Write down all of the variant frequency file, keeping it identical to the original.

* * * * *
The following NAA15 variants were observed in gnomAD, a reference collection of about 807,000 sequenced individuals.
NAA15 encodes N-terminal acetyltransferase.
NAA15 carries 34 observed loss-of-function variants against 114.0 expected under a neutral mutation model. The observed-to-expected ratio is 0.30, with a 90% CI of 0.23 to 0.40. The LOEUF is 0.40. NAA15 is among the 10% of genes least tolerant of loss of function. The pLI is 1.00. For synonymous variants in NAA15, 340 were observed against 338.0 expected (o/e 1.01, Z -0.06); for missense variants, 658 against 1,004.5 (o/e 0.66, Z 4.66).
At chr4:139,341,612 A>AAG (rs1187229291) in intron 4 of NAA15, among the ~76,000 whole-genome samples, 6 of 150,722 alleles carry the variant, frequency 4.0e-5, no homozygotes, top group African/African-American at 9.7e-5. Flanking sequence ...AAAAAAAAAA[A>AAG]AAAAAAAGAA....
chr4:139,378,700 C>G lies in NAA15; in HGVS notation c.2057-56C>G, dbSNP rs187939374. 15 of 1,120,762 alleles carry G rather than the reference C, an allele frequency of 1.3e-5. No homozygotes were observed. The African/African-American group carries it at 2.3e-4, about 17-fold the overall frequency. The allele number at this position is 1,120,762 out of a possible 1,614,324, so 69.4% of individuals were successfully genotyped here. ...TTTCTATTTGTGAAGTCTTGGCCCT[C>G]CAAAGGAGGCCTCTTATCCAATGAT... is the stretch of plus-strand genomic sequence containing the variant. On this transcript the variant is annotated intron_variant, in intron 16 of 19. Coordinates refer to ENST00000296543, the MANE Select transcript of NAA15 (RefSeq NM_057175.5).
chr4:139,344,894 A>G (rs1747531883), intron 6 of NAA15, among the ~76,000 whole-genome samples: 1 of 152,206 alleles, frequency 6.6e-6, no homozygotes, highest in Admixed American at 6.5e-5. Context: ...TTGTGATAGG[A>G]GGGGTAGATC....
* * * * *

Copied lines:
The following NAA15 variants were observed in gnomAD, a reference collection of about 807,000 sequenced individuals.
NAA15 encodes N-terminal acetyltransferase.
NAA15 carries 34 observed loss-of-function variants against 114.0 expected under a neutral mutation model. The observed-to-expected ratio is 0.30, with a 90% CI of 0.23 to 0.40. The LOEUF is 0.40. NAA15 is among the 10% of genes least tolerant of loss of function. The pLI is 1.00. For synonymous variants in NAA15, 340 were observed against 338.0 expected (o/e 1.01, Z -0.06); for missense variants, 658 against 1,004.5 (o/e 0.66, Z 4.66).
At chr4:139,341,612 A>AAG (rs1187229291) in intron 4 of NAA15, among the ~76,000 whole-genome samples, 6 of 150,722 alleles carry the variant, frequency 4.0e-5, no homozygotes, top group African/African-American at 9.7e-5. Flanking sequence ...AAAAAAAAAA[A>AAG]AAAAAAAGAA....
chr4:139,378,700 C>G lies in NAA15; in HGVS notation c.2057-56C>G, dbSNP rs187939374. 15 of 1,120,762 alleles carry G rather than the reference C, an allele frequency of 1.3e-5. No homozygotes were observed. The African/African-American group carries it at 2.3e-4, about 17-fold the overall frequency. The allele number at this position is 1,120,762 out of a possible 1,614,324, so 69.4% of individuals were successfully genotyped here. ...TTTCTATTTGTGAAGTCTTGGCCCT[C>G]CAAAGGAGGCCTCTTATCCAATGAT... is the stretch of plus-strand genomic sequence containing the variant. On this transcript the variant is annotated intron_variant, in intron 16 of 19. Coordinates refer to ENST00000296543, the MANE Select transcript of NAA15 (RefSeq NM_057175.5).
chr4:139,344,894 A>G (rs1747531883), intron 6 of NAA15, among the ~76,000 whole-genome samples: 1 of 152,206 alleles, frequency 6.6e-6, no homozygotes, highest in Admixed American at 6.5e-5. Context: ...TTGTGATAGG[A>G]GGGGTAGATC....